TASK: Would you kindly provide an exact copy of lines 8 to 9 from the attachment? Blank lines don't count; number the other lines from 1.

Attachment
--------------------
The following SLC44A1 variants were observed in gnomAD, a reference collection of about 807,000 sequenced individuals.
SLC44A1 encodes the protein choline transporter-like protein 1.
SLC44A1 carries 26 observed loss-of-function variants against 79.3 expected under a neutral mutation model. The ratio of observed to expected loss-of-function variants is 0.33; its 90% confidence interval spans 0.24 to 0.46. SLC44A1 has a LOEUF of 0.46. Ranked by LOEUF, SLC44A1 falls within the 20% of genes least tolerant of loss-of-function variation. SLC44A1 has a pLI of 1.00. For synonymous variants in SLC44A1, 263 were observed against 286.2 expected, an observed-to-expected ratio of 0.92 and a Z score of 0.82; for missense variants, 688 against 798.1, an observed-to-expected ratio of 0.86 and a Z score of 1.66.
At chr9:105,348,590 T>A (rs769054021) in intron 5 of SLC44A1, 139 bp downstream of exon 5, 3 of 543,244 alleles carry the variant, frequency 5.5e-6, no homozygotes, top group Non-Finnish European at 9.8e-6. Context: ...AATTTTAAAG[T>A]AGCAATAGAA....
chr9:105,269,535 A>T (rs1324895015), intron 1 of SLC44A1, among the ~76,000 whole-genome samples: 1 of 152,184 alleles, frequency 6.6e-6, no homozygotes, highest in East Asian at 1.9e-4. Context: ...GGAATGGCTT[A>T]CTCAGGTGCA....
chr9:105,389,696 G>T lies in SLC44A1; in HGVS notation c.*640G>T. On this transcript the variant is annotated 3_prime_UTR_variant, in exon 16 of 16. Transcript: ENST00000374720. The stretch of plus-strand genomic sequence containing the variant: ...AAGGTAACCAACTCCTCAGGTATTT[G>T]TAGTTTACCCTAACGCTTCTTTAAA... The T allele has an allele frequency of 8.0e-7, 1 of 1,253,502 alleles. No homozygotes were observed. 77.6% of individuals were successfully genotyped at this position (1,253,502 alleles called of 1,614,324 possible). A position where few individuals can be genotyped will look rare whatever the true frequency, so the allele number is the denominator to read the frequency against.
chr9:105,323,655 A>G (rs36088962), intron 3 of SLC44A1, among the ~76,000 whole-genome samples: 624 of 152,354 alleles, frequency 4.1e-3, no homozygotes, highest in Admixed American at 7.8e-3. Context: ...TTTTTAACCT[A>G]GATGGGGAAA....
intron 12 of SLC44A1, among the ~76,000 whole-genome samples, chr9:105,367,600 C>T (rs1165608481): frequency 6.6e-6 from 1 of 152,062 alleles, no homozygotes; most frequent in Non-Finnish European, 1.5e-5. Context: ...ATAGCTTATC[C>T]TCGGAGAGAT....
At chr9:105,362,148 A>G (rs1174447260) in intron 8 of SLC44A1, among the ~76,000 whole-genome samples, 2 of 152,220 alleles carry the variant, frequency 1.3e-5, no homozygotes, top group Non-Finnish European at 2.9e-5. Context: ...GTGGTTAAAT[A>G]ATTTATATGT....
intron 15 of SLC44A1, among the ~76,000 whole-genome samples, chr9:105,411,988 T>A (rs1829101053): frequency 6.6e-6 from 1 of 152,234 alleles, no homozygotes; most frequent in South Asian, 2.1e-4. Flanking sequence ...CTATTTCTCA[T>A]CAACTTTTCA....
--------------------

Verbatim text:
intron 12 of SLC44A1, among the ~76,000 whole-genome samples, chr9:105,367,600 C>T (rs1165608481): frequency 6.6e-6 from 1 of 152,062 alleles, no homozygotes; most frequent in Non-Finnish European, 1.5e-5. Context: ...ATAGCTTATC[C>T]TCGGAGAGAT....
At chr9:105,362,148 A>G (rs1174447260) in intron 8 of SLC44A1, among the ~76,000 whole-genome samples, 2 of 152,220 alleles carry the variant, frequency 1.3e-5, no homozygotes, top group Non-Finnish European at 2.9e-5. Context: ...GTGGTTAAAT[A>G]ATTTATATGT....